14. A data transmission path on a telephone network from a service provider modem to a subscriber client modem comprising:
a server station including the service provider modem, wherein the service provider modem is configured to transmit a data signal;
a central office switch assembly, including a line switch and a codec, communicatively coupled to the server station to receive the data signal, wherein the codec is configured to transmit a first encoded analog data signal corresponding to the data signal;
a decoder, proximate to and communicatively coupled to the central office switch assembly, configured to receive the first encoded analog data signal and extract from the first encoded analog signal a first recovered digital data set;
a server-type modem, communicatively coupled to the decoder, configured to receive a second digital data set corresponding to the first recovered digital data set, encode the second digital data set to render an encoded digital data signal, and transmit an encoded digital data stream representing the first recovered digital data set; and
a subscriber client modem, communicatively coupled to the server-type modem, configured to receive a second encoded analog data signal corresponding to the first recovered digital data set.
15. The data transmission path of claim 14 wherein a client-type modem includes the decoder.
16. The data transmission path of claim 14 wherein the server-type modem is proximate to the decoder.
17. The data transmission path of claim 14 further comprising a digital network transmission link interposed between the decoder and the subscriber client modem.
18. The data transmission path of claim 17 wherein the server-type modem is attached to the subscriber client modem side of the digital network transmission link.
19. The data transmission path of claim 14 wherein the encoder is located at a phone company central office.
20. The data transmission path of claim 19 wherein the decoder is proximate to a codec from which the first encoded analog data signal is transmitted.
21. A central office terminal, for a network transmission path including a server station including a service provider modem configured to transmit a data signal, and a central office switch assembly including a line switch and a codec, communicatively coupled to the server station to receive the data signal, and wherein the codec is configured to transmit a first encoded analog data signal corresponding to the data signal, the central office terminal comprising:
a client-type modem, comprising a server side interface for communicatively connecting to a central office switch assembly, configured to receive the first encoded analog data signal and extract from the first encoded analog signal a first recovered digital data set; and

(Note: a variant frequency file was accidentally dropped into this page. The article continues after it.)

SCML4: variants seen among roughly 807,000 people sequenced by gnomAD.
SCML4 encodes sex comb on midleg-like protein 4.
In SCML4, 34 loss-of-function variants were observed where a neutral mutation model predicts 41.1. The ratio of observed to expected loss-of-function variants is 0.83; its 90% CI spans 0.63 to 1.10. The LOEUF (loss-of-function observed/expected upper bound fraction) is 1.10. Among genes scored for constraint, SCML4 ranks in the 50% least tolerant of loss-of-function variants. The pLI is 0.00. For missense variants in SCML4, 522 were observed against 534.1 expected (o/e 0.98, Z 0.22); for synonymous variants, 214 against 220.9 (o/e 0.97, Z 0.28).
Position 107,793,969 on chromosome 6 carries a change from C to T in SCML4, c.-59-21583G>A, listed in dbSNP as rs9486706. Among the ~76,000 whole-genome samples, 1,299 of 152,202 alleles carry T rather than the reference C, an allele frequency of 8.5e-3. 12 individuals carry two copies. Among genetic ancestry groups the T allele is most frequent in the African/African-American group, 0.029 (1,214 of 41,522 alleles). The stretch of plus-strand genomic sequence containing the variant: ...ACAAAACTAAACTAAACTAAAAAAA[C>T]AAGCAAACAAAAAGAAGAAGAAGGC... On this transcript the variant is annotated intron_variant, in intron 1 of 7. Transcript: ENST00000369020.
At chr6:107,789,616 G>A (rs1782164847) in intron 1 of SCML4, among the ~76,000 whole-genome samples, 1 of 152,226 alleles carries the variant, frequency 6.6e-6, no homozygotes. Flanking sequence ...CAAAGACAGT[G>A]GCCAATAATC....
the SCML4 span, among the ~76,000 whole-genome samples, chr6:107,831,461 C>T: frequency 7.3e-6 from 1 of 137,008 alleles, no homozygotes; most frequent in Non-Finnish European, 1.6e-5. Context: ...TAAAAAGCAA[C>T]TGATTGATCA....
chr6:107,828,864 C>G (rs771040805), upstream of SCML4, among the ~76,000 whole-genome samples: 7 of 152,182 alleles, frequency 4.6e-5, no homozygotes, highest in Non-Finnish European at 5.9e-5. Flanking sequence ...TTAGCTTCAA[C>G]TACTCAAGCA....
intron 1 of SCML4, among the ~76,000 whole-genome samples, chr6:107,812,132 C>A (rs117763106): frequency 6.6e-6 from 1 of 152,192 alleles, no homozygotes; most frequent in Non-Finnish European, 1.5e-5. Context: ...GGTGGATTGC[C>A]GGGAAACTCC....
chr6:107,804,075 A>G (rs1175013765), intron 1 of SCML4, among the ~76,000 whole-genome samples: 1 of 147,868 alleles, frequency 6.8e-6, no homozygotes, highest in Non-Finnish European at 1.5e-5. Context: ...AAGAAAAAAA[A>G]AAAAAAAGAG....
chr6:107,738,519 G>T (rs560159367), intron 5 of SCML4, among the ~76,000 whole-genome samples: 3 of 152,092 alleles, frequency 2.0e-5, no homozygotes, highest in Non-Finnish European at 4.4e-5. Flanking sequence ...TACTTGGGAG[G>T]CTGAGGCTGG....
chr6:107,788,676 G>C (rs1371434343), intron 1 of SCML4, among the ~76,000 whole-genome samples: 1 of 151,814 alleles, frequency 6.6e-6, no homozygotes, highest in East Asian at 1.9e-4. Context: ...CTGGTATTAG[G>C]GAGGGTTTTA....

a server-type modems configured to receive a second digital data set corresponding to the first recovered digital data set, encode the second digital data set to render an encoded digital data signal, and transmit an encoded digital data stream representing the first recovered digital data set.
22. A central office terminal, suitable for connection to a phone network central office switch assembly output line, the central office terminal comprising:
a client-type modem, configured to communicatively couple to an analog signal line from the central office switch assembly, and to receive a first encoded analog data signal and extract from the first encoded analog signal a first recovered digital data set; and
a data transmission interface, configured to receive a data set corresponding to the first recovered digital data set and transmit a data signal to a physically remote connected terminal.
23. The central office terminal of claim 22 further comprising:
a server-type modem configured to receive a second digital data set corresponding to the first recovered digital data set, encode the second digital data set to render an encoded digital data signal, and transmit an encoded digital data stream representing the first recovered digital data set.
24. The central office terminal of claim 22 wherein the data transmission interface comprises a codec configured to receive digital data corresponding to the first recovered digital data set and to generate a second analog data signal carrying the same data values as the first encoded analog data signal;
thereby providing a repeater functionality which may be replicated a plurality of times over a transmission path between a service provider modem and a subscriber client modem.
25. The central office terminal of claim 24 further comprising:
a server-type modem, configured to receive a second digital data set corresponding to the first recovered digital data set, encode the second digital data set to render an encoded digital data signal, and transmit to the codec an encoded digital data stream representing the first recovered digital data set.
26. A pair gain system for connection within a telephone transmission path from a server station to a subscriber client modem, wherein the server station includes a service provider modem configured to transmit a data signal and a central office switch assembly, including a line switch and codec, communicatively coupled to the server station to receive the data signal, wherein the codec is configured to transmit a first encoded analog data signal corresponding to the data signal, the pair gain system comprising:
a digital network transmission link interposed between the central office switch assembly and the subscriber client modem
a central office terminal including:
a decoder communicatively coupled to the central office switch assembly and configured to receive the first encoded analog data signal and extract from the first encoded analog signal a first recovered digital data set; and
a digital transmission interface connecting the central office terminal to the digital network transmission link; and